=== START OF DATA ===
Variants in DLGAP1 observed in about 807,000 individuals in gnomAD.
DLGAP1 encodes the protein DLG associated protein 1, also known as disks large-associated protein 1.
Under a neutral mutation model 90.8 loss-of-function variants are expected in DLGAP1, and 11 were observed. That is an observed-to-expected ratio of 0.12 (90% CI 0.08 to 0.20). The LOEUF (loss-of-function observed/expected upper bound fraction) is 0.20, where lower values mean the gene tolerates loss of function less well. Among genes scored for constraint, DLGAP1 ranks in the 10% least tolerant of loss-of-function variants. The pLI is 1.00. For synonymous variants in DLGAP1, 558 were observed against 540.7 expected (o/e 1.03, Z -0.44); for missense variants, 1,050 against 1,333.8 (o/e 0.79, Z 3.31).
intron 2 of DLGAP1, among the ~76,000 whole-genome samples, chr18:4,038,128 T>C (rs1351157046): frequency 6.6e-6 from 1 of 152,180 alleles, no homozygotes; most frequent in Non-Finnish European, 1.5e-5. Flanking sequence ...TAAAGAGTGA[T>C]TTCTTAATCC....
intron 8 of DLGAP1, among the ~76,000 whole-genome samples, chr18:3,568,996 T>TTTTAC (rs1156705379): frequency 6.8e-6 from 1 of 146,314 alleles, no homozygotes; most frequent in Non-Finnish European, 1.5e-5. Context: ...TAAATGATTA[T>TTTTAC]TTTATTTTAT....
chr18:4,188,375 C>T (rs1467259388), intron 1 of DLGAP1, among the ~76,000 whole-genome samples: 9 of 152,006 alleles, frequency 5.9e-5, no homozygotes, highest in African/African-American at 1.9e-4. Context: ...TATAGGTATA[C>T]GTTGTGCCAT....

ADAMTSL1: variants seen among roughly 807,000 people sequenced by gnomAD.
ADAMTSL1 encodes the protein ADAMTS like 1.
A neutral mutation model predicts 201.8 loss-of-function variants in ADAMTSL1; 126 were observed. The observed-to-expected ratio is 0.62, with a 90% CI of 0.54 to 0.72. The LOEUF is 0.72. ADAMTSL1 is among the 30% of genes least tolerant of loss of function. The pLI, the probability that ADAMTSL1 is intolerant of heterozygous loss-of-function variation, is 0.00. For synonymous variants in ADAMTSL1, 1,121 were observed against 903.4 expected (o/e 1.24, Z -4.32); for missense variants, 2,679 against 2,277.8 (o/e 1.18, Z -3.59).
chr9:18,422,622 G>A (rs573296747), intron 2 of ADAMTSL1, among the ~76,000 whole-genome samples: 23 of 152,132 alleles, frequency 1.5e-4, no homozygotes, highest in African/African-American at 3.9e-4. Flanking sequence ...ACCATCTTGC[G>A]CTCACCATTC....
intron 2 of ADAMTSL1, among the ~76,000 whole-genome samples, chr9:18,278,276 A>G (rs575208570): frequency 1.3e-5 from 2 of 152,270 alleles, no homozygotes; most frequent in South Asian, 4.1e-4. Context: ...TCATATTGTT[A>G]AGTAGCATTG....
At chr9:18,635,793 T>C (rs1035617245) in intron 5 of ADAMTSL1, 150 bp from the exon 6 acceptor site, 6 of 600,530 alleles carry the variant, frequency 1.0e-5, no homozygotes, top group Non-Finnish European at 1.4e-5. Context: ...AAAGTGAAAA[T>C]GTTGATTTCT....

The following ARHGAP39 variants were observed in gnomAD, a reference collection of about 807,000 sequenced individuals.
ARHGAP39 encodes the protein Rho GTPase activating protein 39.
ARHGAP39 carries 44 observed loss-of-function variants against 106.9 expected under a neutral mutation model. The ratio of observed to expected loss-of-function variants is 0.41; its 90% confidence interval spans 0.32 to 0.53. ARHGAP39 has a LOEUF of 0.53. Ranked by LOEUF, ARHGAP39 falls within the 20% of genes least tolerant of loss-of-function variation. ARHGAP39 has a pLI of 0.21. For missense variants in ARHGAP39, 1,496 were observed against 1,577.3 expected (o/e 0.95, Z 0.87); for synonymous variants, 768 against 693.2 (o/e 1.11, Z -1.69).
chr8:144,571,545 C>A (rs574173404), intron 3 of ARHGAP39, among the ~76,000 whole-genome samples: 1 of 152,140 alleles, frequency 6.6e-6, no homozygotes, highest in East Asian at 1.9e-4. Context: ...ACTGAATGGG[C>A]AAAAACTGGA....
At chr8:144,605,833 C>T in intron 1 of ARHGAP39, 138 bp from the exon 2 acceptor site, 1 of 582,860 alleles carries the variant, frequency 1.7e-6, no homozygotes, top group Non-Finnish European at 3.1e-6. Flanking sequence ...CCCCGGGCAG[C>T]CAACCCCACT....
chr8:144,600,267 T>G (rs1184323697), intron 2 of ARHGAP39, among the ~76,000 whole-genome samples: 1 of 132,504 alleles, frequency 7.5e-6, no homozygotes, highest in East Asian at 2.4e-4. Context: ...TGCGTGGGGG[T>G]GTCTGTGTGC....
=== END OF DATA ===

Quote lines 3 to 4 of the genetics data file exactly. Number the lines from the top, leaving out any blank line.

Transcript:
Under a neutral mutation model 90.8 loss-of-function variants are expected in DLGAP1, and 11 were observed. That is an observed-to-expected ratio of 0.12 (90% CI 0.08 to 0.20). The LOEUF (loss-of-function observed/expected upper bound fraction) is 0.20, where lower values mean the gene tolerates loss of function less well. Among genes scored for constraint, DLGAP1 ranks in the 10% least tolerant of loss-of-function variants. The pLI is 1.00. For synonymous variants in DLGAP1, 558 were observed against 540.7 expected (o/e 1.03, Z -0.44); for missense variants, 1,050 against 1,333.8 (o/e 0.79, Z 3.31).
intron 2 of DLGAP1, among the ~76,000 whole-genome samples, chr18:4,038,128 T>C (rs1351157046): frequency 6.6e-6 from 1 of 152,180 alleles, no homozygotes; most frequent in Non-Finnish European, 1.5e-5. Flanking sequence ...TAAAGAGTGA[T>C]TTCTTAATCC....